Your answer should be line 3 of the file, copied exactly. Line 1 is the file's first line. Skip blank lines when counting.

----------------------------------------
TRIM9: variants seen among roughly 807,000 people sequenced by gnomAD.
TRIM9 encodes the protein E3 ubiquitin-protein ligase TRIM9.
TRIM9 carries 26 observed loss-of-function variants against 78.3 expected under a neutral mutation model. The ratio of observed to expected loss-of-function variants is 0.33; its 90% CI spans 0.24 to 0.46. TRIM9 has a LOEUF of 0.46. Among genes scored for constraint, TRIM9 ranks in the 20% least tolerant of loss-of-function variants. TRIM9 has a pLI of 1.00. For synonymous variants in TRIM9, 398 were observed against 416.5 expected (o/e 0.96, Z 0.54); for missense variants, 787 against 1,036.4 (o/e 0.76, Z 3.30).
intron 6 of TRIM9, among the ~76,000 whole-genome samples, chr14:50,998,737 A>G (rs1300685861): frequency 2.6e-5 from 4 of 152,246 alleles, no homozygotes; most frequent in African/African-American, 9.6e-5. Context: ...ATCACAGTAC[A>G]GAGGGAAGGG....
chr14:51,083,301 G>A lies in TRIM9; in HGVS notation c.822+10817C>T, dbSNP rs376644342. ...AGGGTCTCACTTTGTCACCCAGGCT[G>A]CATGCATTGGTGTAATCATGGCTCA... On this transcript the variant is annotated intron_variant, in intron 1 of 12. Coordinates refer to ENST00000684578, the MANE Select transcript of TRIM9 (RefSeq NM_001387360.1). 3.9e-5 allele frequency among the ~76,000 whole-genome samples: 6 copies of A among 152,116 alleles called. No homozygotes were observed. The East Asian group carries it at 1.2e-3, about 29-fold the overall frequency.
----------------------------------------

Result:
TRIM9 carries 26 observed loss-of-function variants against 78.3 expected under a neutral mutation model. The ratio of observed to expected loss-of-function variants is 0.33; its 90% CI spans 0.24 to 0.46. TRIM9 has a LOEUF of 0.46. Among genes scored for constraint, TRIM9 ranks in the 20% least tolerant of loss-of-function variants. TRIM9 has a pLI of 1.00. For synonymous variants in TRIM9, 398 were observed against 416.5 expected (o/e 0.96, Z 0.54); for missense variants, 787 against 1,036.4 (o/e 0.76, Z 3.30).